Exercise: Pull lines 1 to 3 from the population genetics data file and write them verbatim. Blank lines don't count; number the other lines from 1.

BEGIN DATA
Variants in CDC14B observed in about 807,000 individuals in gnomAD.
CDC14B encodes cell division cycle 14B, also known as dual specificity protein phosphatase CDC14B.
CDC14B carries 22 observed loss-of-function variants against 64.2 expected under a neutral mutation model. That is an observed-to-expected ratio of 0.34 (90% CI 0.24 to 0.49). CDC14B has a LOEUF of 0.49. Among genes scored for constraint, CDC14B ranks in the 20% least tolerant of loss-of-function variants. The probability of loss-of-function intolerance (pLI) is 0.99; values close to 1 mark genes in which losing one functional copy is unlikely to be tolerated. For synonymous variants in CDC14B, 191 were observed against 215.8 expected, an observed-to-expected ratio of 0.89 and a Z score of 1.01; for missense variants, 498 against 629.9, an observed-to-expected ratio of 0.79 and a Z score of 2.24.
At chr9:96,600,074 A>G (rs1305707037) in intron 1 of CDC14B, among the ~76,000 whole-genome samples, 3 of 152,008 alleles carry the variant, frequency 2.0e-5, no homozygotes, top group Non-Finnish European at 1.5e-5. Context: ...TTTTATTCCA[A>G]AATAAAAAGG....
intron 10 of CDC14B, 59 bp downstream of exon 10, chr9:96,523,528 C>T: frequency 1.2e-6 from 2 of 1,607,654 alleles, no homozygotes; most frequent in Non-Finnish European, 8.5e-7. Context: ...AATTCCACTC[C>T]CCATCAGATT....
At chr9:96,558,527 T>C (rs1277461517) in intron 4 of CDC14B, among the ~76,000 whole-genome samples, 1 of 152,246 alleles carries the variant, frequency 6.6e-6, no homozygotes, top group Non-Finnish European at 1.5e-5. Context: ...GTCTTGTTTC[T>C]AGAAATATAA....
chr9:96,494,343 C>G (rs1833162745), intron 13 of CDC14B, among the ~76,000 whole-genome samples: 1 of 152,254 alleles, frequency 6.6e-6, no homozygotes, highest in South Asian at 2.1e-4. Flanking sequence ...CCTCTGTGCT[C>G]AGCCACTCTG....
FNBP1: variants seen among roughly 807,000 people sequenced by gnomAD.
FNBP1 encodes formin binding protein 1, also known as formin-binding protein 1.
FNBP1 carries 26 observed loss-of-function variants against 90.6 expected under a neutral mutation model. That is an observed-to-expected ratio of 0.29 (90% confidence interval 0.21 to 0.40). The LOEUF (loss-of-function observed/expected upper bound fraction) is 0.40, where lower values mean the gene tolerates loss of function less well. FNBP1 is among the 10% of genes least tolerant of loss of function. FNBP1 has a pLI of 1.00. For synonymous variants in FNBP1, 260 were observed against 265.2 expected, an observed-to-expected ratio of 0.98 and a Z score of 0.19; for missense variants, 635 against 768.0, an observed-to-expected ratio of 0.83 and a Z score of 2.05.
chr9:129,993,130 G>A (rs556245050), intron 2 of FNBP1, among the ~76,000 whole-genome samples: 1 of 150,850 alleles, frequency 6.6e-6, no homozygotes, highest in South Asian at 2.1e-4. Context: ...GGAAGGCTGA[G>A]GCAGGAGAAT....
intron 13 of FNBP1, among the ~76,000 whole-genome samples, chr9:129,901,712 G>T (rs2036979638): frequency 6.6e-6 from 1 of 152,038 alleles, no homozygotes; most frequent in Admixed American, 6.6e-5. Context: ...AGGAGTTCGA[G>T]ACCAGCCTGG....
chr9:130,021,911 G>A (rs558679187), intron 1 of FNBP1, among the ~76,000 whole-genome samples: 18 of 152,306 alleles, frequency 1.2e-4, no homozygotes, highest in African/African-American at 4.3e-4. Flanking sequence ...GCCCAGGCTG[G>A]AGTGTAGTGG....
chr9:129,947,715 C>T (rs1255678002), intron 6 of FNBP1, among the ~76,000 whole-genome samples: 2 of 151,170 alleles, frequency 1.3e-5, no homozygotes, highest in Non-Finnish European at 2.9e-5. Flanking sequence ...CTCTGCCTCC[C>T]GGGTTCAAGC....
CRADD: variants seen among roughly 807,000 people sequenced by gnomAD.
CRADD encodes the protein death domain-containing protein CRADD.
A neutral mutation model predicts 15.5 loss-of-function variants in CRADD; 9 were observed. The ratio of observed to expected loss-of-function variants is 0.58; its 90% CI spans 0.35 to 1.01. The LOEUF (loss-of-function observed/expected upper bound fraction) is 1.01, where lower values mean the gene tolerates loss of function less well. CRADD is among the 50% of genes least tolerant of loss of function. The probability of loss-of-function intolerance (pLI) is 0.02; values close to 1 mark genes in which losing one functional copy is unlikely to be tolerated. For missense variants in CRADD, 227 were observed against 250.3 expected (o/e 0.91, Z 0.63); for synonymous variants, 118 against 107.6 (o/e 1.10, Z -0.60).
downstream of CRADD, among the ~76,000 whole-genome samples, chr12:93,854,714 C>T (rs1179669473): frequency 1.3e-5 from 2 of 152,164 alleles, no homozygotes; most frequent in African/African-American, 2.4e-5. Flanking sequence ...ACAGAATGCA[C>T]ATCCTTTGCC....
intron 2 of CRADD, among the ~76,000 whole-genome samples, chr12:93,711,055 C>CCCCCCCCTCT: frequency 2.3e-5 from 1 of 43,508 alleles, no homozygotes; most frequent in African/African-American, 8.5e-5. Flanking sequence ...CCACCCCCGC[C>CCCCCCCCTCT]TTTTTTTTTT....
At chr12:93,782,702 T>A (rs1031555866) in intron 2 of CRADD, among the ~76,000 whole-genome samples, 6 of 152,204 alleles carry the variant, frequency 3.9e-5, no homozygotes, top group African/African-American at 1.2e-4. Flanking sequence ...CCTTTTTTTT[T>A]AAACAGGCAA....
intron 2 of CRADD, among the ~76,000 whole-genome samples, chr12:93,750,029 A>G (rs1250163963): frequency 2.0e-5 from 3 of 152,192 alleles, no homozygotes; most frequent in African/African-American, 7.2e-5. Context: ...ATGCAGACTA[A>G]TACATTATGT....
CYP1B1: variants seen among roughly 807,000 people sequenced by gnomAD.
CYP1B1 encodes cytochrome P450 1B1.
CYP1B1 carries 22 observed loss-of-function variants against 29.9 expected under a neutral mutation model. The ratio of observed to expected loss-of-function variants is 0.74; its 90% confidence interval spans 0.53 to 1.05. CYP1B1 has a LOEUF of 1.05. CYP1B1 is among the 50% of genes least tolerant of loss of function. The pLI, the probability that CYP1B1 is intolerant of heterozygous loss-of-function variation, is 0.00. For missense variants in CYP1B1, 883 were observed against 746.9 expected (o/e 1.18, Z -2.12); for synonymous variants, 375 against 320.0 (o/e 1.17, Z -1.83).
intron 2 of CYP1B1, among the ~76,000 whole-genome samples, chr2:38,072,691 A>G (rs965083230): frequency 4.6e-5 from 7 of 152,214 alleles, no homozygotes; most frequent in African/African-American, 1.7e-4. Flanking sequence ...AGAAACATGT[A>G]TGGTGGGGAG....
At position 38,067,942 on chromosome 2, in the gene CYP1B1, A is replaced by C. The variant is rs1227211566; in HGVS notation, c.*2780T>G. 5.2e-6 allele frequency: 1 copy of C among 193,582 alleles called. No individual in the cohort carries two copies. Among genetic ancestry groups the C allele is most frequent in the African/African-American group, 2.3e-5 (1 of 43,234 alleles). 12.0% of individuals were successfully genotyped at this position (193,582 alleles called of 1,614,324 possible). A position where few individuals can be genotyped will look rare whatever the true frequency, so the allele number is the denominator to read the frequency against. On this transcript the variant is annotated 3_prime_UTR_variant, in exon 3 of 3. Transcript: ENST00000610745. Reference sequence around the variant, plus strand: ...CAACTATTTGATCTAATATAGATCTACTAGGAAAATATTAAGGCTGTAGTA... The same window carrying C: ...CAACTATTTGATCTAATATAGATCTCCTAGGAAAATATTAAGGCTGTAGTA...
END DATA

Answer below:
Variants in CDC14B observed in about 807,000 individuals in gnomAD.
CDC14B encodes cell division cycle 14B, also known as dual specificity protein phosphatase CDC14B.
CDC14B carries 22 observed loss-of-function variants against 64.2 expected under a neutral mutation model. That is an observed-to-expected ratio of 0.34 (90% CI 0.24 to 0.49). CDC14B has a LOEUF of 0.49. Among genes scored for constraint, CDC14B ranks in the 20% least tolerant of loss-of-function variants. The probability of loss-of-function intolerance (pLI) is 0.99; values close to 1 mark genes in which losing one functional copy is unlikely to be tolerated. For synonymous variants in CDC14B, 191 were observed against 215.8 expected, an observed-to-expected ratio of 0.89 and a Z score of 1.01; for missense variants, 498 against 629.9, an observed-to-expected ratio of 0.79 and a Z score of 2.24.